In the wake of Phillies managing partner John Middleton firing manager Gabe Kapler on Thursday, Matt Klentak should be firmly on the hot seat.
Yes, the way the Phils stumbled down the stretch didn’t seem to show the players were doing everything they could to save Kapler’s job.
An 81-81 record with an underachieving offense, a subpar pitching staff and few regulars — perhaps just Scott Kingery — showing clear signs of improvement essentially sealed Kapler’s fate.
That Middleton, team president Andy MacPhail and general manager Klentak committed $400 million to free agents prior to the 2019 season and only finished one game better than in Kapler’s first season here was another strike against Kapler.
That Kapler constantly played up the positives even when it was unwarranted annoyed the team’s fans, as did his penchant for relying on analytics. He appeared to alter his approach somewhat in both areas during the first half of the season before reverting to his glass-half-full ways as the losses mounted.
Kapler seemed like a decent guy. He grew more comfortable with the media in his second year, but this business is all about results.
Klentak must hire a candidate capable of winning in Philadelphia. That probably means somebody with a track record at the MLB level, which wouldn’t be a bad idea after bringing in a first-time manager Kapler. Among the prospective candidates could be Joe Maddon, Mike Scioscia, Joe Girardi and Buck Showalter, each of whom has won in the majors.
Regardless who the next manager is, Klentak must give Kapler’s replacement a much better pitching staff for the Phillies to be a playoff team in 2020.
Klentak relying on Zach Eflin, Vince Velasquez, Nick Pivetta and Jared Eickhoff to fill the final three starting spots was a decision worse than any Kapler made on the field. Eflin showed that he can be a starter at this level, but the other three continued to be maddeningly inconsistent.
Combine a second disappointing season from Jake “It’s Never My Fault” Arrieta before his season-ending surgery to remove a bone chip in his right elbow and a so-so start/finish from ace Aaron Nola and it’s a wonder the Phillies won 81 games.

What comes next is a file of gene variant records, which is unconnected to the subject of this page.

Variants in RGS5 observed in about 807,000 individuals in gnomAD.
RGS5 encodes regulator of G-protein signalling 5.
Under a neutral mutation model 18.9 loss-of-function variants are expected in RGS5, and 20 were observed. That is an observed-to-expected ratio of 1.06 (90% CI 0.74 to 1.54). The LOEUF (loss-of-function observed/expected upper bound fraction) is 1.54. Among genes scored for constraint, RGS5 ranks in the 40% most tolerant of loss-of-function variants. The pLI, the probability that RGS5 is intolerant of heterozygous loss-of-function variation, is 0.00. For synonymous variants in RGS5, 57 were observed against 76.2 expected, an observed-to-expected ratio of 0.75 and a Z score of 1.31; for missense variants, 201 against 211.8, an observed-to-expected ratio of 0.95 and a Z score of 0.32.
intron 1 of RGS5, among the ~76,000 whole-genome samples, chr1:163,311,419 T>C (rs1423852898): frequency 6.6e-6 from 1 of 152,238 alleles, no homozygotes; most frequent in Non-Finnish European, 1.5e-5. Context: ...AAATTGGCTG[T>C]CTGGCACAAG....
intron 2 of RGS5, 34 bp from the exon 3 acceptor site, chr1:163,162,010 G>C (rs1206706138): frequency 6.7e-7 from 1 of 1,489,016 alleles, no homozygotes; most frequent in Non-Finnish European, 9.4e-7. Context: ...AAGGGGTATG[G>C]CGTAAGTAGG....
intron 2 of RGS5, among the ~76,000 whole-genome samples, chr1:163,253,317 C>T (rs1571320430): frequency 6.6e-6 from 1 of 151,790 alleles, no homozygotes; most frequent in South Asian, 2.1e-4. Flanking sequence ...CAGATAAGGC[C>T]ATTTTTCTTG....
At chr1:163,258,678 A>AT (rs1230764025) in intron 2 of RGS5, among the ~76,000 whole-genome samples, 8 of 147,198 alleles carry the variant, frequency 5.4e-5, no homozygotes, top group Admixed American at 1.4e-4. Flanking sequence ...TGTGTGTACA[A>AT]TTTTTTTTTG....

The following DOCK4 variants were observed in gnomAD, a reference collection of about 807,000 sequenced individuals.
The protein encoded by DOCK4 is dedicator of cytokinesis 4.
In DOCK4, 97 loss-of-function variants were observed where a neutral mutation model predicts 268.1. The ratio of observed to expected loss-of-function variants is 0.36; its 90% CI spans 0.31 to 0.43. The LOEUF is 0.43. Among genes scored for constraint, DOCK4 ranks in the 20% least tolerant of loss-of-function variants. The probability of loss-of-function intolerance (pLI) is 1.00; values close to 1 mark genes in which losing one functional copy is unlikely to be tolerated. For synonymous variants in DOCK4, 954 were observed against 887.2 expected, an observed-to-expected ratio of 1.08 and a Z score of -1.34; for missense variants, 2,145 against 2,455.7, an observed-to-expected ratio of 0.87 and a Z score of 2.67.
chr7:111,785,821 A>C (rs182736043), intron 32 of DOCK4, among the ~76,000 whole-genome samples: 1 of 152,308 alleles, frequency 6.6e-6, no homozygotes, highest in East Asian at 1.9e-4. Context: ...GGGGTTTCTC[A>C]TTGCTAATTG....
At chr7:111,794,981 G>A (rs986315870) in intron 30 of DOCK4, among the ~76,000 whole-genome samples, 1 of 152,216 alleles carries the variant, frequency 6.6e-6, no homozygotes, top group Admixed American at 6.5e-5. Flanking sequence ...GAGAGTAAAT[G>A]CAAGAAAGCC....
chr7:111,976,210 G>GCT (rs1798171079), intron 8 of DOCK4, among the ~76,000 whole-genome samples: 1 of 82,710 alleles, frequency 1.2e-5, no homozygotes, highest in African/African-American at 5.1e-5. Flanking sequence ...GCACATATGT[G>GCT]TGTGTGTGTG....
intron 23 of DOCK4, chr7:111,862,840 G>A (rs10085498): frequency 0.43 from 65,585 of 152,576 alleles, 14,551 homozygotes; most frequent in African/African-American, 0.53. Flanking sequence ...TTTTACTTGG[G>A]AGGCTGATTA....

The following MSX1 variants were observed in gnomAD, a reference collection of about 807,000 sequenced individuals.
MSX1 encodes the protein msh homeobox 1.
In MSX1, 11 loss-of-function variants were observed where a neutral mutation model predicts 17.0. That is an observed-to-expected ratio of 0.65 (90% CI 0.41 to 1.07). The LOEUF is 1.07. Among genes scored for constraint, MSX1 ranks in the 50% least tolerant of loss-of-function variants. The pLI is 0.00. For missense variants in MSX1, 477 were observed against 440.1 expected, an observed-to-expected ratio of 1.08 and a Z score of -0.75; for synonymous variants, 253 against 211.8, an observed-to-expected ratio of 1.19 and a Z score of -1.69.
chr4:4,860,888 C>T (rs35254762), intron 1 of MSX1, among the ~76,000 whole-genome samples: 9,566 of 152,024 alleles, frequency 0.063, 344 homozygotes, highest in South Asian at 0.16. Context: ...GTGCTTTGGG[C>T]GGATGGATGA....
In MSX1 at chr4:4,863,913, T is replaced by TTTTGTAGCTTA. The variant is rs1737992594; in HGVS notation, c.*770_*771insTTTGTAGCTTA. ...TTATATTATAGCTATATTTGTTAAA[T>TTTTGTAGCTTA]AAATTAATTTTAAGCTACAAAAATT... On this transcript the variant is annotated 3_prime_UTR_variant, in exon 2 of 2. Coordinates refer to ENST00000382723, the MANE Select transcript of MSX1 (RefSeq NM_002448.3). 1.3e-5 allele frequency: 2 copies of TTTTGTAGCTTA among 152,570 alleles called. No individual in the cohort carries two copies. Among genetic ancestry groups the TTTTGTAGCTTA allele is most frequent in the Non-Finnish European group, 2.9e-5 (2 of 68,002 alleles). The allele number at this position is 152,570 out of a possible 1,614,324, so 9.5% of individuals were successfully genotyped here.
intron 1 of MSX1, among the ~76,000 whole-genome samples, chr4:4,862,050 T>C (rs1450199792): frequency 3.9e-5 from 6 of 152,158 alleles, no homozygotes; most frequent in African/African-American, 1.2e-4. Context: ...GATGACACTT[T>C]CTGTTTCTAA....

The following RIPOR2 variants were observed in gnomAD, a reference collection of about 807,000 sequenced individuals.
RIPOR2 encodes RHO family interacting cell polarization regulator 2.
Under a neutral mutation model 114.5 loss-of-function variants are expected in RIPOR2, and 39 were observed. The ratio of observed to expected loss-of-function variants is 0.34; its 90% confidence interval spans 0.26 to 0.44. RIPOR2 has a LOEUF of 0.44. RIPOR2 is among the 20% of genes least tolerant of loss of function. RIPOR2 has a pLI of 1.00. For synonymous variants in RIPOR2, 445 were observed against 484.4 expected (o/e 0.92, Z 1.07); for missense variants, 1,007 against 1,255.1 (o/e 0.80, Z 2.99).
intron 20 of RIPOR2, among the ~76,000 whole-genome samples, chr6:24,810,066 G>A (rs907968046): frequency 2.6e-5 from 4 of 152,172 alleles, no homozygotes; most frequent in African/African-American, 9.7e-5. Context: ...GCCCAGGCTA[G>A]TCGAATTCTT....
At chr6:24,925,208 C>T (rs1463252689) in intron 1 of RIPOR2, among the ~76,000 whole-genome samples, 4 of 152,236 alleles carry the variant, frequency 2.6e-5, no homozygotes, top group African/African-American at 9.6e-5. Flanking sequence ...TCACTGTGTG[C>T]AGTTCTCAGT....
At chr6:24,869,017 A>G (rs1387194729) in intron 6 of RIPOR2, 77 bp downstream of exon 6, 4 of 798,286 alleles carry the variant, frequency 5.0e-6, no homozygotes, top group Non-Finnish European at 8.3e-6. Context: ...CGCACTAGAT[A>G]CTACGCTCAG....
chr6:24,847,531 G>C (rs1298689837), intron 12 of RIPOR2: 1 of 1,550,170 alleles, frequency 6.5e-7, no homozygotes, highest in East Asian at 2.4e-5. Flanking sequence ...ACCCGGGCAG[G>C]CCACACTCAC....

Unless a team can develop quality starters from within the organization, the price tag on No. 2 and 3 tends to be steep. The Phils have paid Arrieta $55 million for 18 wins over the past two seasons.
If Klentak doesn’t want to dole out big bucks in free agency for one, he should consider making a trade. Dealing first baseman Rhys Hoskins for a reliable starter could be an option.
And Klentak should acquire multiple starting pitchers if he wants the staff to be legit and avoid having to stomach more of Velasquez’s 4-inning starts.
Don’t forget Klentak signed 30-something relievers David Robertson, Pat Neshek and Tommy Hunter for last season. The injury-ravaged trio earned a combined $26.75 million and appeared in 45 games. That is not getting a bang for the buck. It also resulted in guys like JD Hammer and Edgar Garcia having to pitch meaningful innings out of the bullpen before they were ready to do so.
I’m not sure if Klentak did a worse job with the starters or relievers, which put the Phillies at a distinct competitive disadvantage.
You can make a strong case that Klentak should’ve been canned along with — if not before — Kapler.
While we’re at it, what has Middleton been doing? Why did he wait until the 11th day after the conclusion of another September swoon to make this move? Middleton should’ve been “talking to many people both internally and around the league” a month ago.
Kapler was heading into the final year of his three-year contract, so a one-year extension would’ve probably been in order if Kapler had stayed to avoid him becoming a lame duck. That would’ve been difficult to justify.
Middleton undoubtedly factored in the fans’ dissatisfaction with Kapler, which I understand but wouldn’t think is as important as the players’ progress and what Bryce Harper thinks about the skipper. Klentak should’ve realized that Kapler and the blue-collar Phillies faithful wouldn’t be the best fit.
The release sent out by the team Thursday quotes Middleton as saying Klentak will lead the search for the next manager, which isn’t comforting given what the general manager has and has not done over the past year.
Klentak has one more chance to get it right. If Klentak is unable to upgrade the pitching staff and produce a playoff-caliber roster, Middleton should find another GM — and he shouldn’t wait 11 days after the final game to make the move.
Tom Moore: firstname.lastname@example.org; @TomMoorePhilly